Nuclear arms race – disarmament is necessary

by Gerd Brenner, Colonel in the General Staff (German Army)

In the future, new geopolitical conditions must be reflected by new treaties about nuclear weapons and their carrier systems, considering new technologies and signed by new actors. Moreover, the number of such weapons throughout the world needs to be drastically decreased. The danger of a “nuclear winter” has been looming for decades and should today, when everybody is talking about “climate crises”, finally be taken seriously. Generally speaking, a comprehensive new analysis of world-wide weapons arsenals is required since it doesn’t make any sense to simply restart negotiations based on the numbers of ten years ago.

In 1987, the sitting US president Ronald Regan and the Soviet head of state and ruling party Mikhail Gorbachev signed the Intermediate Range Nuclear Forces (INF) treaty. It is often referred to as the “global double zero” since it prescribed the destruction of existing intermediate range nuclear missiles, i.e., those of a range between 500 and 5,500 km, and the refraining from developing new ones. In the years afterwards the USA destroyed their middle range missiles of the type “Pershing II” and the Soviet Union or Russia, respectively, their “RSD-10” which had become famous in the West under the term “SS-20”. However, neither air-borne nor sea-borne middle range weapons were mentioned in the treaty. After Russia had complained for several years that the USA had broken the INF treaty, the Trump administration revoked it on 1 February 2019. Russia withdrew as well and since 2 August 2019 it has been officially invalid.1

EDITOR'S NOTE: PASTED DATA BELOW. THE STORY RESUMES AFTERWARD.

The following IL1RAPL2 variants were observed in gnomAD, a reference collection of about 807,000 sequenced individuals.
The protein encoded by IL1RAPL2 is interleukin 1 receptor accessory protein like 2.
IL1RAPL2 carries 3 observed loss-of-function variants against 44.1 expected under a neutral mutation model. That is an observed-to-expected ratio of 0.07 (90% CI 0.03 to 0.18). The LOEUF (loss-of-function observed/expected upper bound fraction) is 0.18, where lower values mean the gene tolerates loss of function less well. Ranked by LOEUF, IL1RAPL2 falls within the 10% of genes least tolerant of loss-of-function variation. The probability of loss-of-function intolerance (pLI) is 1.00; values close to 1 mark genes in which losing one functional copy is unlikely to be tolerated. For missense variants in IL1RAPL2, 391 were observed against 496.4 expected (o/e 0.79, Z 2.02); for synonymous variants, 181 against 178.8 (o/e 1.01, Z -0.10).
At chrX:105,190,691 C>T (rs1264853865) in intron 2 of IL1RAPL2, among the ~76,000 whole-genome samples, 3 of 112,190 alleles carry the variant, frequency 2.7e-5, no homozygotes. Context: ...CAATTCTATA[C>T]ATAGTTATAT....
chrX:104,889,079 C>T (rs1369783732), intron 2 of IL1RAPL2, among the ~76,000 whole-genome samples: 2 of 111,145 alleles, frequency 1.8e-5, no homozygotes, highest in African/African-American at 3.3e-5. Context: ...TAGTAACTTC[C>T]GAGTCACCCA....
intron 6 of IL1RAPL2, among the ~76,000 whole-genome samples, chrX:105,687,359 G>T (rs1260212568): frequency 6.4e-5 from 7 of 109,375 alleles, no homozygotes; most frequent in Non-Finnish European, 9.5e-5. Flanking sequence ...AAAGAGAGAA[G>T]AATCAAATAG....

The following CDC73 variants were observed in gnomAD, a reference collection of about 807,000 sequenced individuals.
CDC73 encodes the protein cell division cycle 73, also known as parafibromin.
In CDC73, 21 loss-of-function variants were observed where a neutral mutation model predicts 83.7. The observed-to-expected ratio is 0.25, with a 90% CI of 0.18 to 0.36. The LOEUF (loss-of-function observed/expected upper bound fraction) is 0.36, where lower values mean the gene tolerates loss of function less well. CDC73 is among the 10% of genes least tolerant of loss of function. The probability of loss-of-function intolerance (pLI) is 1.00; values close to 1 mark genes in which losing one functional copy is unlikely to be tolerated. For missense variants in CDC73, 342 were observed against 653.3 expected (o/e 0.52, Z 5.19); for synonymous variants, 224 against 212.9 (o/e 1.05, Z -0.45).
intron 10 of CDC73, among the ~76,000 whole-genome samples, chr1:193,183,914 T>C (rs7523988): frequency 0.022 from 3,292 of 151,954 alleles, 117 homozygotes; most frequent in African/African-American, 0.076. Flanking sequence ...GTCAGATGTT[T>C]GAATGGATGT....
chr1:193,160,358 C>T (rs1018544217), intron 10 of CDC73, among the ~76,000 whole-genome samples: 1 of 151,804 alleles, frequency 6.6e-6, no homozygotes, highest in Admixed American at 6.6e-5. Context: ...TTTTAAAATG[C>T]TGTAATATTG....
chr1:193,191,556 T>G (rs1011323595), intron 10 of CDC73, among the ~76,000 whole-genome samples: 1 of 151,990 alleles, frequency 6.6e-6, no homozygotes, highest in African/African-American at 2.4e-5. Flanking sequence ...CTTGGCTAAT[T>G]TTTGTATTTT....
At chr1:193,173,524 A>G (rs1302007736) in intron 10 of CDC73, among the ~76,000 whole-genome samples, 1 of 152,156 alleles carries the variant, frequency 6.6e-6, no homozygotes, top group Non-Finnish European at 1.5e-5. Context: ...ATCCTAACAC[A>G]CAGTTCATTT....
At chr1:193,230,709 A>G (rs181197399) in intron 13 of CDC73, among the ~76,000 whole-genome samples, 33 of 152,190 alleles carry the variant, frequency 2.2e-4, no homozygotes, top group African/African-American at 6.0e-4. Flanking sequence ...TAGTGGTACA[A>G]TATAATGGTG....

In 2010 the sitting presidents Dmitri Medvedev of Russia and Barack Obama of the USA signed the Strategic Arms Reduction Treaty, often referred to as New-START-Treaty.2 Russia and the US agreed that both sides would reduce the number of warheads from 2,200 to 1,550 each and the number of carrier systems from 1,600 to 800. Ratified in February 2011 it was to be valid until February 2021. The Trump administration did nothing to prolong its duration, possibly because Donald Trump thought he would once more be able to strike a better deal. After Joe Biden had been inaugurated as the new US president in January 2021, he did prolong the duration of the treaty. So far so good, but old hitherto neglected scientific data, new geo-political developments, new actors and new technologies warrant sustained and even enhanced efforts in nuclear disarmament control.

Scientific data, hitherto neglected